A brief background of the European Union (EU).
The European Union (EU) is an economic and political union of 27 member states which are located primarily in Europe. With a population of 500 million, the inhabitants generated an estimated 28% share (US$ 16.5 trillion) of the nominal gross world product in 2009. As a trading bloc, the EU accounts for 20% of global imports and exports (Paul, 2009).
The EU traces its origins from the European Coal and Steel Community (ECSC) and the European Economic Community (EEC) formed by six countries in the 1950s. Since the Treaty of Rome in 1958 the EEC is committed to regional integration and has grown in size through the accession of new member states (Paul, 2009). The Treaty of Maastricht in 1993 established the European Union with its current name. A monetary union, the eurozone, has been established since the inception in 1999 and is made of sixteen member states. The last amendment to the constitutional basis of the EU came into force in 2009 and was the Lisbon Treaty (Jean-Claude2010).
The EU operates through a hybrid system of supranational independent institutions and intergovernmentally made decisions negotiated by the member states. Important institutions of the EU include the European Commission, the Council of the European Union, the European Council, the Court of Justice of the European Union, and the European Central Bank, R. Jeremy (2008). The European Parliament is elected every five years by EU citizens. The EU has developed a single market through a standardized system of laws which apply in all member states including the abolition of passport controls within the Schengen area. It ensures the free movement of people, goods, services, and capital, enacts legislation in justice and home affairs, and maintains common policies on trade, agriculture, fisheries and regional development (Jean-Claude 2010). Through the Common Foreign and Security Policy the EU has developed a limited role in external relations and defence. Permanent diplomatic missions have been established around the world and the EU is represented at the United Nations, the WTO, the G8 and the G-20 (Paul, 2009).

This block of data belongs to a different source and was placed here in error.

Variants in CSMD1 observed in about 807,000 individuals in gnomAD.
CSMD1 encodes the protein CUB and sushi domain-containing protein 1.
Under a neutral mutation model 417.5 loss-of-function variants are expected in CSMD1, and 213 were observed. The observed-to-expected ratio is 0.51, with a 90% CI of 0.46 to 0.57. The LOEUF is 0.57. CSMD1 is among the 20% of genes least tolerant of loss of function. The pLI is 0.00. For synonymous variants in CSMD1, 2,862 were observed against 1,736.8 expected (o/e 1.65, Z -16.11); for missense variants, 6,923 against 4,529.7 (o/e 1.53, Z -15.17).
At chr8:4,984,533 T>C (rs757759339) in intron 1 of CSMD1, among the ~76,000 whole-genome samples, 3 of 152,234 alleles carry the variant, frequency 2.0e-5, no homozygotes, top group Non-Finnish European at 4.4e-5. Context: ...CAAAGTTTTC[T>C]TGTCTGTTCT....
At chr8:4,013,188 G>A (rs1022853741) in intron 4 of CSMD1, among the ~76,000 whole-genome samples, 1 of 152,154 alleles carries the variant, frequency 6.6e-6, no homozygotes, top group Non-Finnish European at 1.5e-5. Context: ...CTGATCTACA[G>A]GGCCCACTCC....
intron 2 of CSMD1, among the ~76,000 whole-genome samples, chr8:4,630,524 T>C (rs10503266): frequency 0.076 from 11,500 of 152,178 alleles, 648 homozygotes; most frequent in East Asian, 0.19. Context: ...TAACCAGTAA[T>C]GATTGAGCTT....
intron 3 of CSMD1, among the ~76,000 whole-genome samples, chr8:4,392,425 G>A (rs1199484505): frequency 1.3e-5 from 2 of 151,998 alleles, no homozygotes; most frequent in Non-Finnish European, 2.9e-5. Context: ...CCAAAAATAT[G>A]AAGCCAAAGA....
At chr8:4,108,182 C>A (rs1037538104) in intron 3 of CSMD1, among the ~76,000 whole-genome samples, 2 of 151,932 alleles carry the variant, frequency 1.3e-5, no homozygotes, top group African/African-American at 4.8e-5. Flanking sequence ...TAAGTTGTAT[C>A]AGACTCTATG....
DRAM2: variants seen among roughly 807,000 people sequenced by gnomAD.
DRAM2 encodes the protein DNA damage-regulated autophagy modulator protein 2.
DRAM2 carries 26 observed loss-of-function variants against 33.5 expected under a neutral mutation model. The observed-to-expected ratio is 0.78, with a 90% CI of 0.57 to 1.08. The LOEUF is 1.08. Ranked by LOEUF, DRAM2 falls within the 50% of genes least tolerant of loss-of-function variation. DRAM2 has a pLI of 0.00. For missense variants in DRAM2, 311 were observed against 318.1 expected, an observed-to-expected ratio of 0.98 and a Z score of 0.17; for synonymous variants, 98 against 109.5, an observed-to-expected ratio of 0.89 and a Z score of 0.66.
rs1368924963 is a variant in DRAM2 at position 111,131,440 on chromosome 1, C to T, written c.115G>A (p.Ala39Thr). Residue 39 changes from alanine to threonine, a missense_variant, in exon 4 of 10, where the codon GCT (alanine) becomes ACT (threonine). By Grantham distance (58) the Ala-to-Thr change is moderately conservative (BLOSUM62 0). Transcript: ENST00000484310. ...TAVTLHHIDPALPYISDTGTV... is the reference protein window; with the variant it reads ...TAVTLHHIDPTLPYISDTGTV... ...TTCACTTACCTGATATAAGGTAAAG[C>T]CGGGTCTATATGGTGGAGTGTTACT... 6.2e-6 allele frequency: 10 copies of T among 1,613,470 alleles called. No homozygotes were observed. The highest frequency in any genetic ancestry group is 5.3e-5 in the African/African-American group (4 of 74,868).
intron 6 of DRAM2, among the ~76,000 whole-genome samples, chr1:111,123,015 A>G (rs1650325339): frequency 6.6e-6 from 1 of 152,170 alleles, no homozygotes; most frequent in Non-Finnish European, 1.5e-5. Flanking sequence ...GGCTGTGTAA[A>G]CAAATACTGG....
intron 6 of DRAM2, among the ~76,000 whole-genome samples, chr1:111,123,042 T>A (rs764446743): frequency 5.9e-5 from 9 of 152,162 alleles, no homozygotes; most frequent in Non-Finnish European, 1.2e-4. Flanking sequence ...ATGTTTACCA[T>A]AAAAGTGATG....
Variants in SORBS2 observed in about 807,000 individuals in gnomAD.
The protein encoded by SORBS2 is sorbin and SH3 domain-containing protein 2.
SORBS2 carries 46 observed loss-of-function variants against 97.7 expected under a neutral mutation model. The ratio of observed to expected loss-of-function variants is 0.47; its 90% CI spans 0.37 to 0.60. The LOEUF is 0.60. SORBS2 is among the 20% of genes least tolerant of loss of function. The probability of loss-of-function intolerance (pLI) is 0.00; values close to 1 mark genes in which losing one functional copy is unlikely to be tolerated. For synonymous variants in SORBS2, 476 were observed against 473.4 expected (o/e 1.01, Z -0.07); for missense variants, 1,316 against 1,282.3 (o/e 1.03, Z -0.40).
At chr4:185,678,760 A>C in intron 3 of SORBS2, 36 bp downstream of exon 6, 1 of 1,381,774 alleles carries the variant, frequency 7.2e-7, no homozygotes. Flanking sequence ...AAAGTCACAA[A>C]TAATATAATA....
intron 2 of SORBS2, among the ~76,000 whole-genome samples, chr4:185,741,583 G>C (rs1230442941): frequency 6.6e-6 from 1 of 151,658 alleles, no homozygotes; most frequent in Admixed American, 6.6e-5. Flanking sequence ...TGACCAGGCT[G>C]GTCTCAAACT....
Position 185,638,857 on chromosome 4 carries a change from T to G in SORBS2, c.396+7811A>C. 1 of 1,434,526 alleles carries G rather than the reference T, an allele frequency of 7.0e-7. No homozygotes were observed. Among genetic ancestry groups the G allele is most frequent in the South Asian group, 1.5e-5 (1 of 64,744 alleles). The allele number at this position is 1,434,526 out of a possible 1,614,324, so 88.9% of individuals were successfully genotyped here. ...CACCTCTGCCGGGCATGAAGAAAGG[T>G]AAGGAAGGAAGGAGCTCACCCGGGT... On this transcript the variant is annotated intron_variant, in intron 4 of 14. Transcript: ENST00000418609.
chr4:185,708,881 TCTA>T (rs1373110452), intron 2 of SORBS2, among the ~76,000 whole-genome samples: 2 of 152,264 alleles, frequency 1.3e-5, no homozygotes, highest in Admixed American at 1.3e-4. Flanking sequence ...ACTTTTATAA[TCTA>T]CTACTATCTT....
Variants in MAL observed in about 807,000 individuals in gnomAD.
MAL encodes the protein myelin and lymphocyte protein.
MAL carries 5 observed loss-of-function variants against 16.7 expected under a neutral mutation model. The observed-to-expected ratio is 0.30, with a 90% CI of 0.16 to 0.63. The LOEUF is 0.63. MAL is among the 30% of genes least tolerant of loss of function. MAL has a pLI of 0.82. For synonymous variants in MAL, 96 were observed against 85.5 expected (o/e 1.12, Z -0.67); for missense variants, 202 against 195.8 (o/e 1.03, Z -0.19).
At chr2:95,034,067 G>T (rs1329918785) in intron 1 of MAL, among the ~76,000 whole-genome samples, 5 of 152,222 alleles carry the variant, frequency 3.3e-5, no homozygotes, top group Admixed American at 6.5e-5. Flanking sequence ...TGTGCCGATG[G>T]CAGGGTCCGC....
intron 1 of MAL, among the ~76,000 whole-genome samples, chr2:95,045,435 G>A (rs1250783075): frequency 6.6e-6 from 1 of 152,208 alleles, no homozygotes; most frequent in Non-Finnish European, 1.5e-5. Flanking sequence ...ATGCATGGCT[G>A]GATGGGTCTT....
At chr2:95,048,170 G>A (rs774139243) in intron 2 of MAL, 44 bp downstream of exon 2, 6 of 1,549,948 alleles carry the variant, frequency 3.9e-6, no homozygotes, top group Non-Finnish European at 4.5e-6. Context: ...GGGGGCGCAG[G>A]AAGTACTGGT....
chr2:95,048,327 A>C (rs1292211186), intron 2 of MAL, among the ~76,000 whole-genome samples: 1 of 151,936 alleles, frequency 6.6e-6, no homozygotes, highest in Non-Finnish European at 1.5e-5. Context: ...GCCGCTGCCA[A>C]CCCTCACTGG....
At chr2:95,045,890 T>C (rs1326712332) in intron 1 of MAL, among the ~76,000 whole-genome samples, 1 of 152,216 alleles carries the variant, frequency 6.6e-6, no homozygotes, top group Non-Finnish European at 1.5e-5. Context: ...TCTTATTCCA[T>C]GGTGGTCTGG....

History of the European Union.
After World War II, moves towards European integration were seen by many as an escape from the extreme forms of nationalism which had devastated the continent. One such attempt to unite Europeans was the European Coal and Steel Community which, while having the modest aim of centralised control of the previously national coal and steel industries of its member states, was declared to be "a first step in the federation of Europe" (Jeremy 2008)..
The originators and supporters of the Community include Jean Monnet, Robert Schuman, Paul Henri Spaak, and Alcide De Gasperi. The founding members of the Community were Belgium, France, Italy, Luxembourg, the Netherlands, and West Germany.
In 1957, six countries signed the Treaties of Rome, which extended the earlier cooperation within the European Coal and Steel Community (ECSC) and created the European Economic Community, (EEC) establishing a customs union and the European Atomic Energy Community (Euratom) for cooperation in developing nuclear energy. The treaty came into force in 1958 (Jeremy 2008)..